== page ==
Alignments at Stonehenge
The main axis of the stones is aligned upon the solstitial axis. At midsummer, the sun rises over the horizon to the north-east, close to the Heel Stone. At midwinter, the sun sets in the south-west, in the gap between the two tallest trilithons, one of which has now fallen.
These times in the seasonal cycle were obviously important to the prehistoric people who built and used Stonehenge.
1. D Field and T Pearson, World Heritage Site Landscape Project: Stonehenge, Amesbury, Wiltshire Archaeological Survey Report, English Heritage Research Department Report 109-2010 (English Heritage, 2010).
2. R Cleal, K Walker and R Montague, Stonehenge in Its Landscape: Twentieth-century Excavations, English Heritage Archaeological Report 10 (English Heritage, 1995), 94–114.
3. M Abbott and H Anderson-Whymark, Stonehenge Laser Scan: Archaeological Analysis, English Heritage Research Department Report 32-2012 (English Heritage, 2012), 25–6.
4. M Parker Pearson, J Pollard, J Thomas, K Welham, J Rylatt, C Casswell, B Chan, M Dover and M Nunn, ‘Excavations at the riverside end of Stonehenge avenue’, unpublished report, Stonehenge Riverside Project, 2009 (incorporating 2008).
Find out more
Virtual Tour of Stonehenge
Take an interactive tour of Stonehenge with this 360 degree view from inside the stones, which explores the monument’s key features.
Explore detailed reconstruction images depicting Stonehenge and nearby monuments from the early Neolithic period to the Bronze Age.
History of Stonehenge
Read a full history of one of the world’s most famous prehistoric monuments, from its origins about 5,000 years ago to the 21st century.
Explore the Stonehenge Landscape
Use these interactive images to discover what the landscape around Stonehenge has looked like from before the monument was built to the present day.
Stonehenge is a masterpiece of engineering. How did Neolithic people build it using only the simple tools and technologies available to them?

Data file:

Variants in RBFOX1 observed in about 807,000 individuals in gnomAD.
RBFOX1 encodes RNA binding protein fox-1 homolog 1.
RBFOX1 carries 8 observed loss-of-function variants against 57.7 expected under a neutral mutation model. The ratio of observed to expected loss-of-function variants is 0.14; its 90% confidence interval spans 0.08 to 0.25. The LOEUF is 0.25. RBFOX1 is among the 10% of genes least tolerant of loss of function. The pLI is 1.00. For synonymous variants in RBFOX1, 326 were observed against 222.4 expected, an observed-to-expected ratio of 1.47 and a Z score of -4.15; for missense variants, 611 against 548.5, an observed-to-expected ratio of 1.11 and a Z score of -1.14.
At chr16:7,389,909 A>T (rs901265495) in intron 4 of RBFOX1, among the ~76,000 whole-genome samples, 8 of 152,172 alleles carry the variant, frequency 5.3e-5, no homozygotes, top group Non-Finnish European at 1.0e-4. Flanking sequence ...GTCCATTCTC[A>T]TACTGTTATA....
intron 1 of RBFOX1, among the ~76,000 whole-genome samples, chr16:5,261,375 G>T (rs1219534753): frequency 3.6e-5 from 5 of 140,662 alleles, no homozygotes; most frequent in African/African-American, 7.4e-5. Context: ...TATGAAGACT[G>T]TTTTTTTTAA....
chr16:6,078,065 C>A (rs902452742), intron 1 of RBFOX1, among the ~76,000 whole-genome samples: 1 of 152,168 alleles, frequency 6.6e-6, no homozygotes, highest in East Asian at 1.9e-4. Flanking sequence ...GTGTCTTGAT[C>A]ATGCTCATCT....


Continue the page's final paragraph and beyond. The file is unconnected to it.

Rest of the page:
Why Does Stonehenge Matter?
Stonehenge is a unique prehistoric monument, lying at the centre of an outstandingly rich archaeological landscape. It is an extraordinary source for the study of prehistory.
Research on Stonehenge
Our understanding of Stonehenge is still changing as excavations and modern scientific techniques yield more information. Yet there are many questions about the monument that we have still to answer.
Sources for Stonehenge
There is a vast amount of archaeological information about Stonehenge from the many investigations there, and numerous early sources, as well as a wealth of published and unpublished resources.
Plan of Stonehenge
Download this PDF plan of Stonehenge to explore the monument and see how it has developed over time.
Buy the guidebook
The guidebook includes a tour and history of the site and its remarkable landscape, with many reconstruction drawings, historic images, maps and plans.
Delve into our history pages to discover more about our sites, how they have changed over time, and who made them what they are today.
England’s prehistoric monuments
England’s prehistoric monuments span almost four millennia. Discover what they were used for, how and when they were built, and where to find them.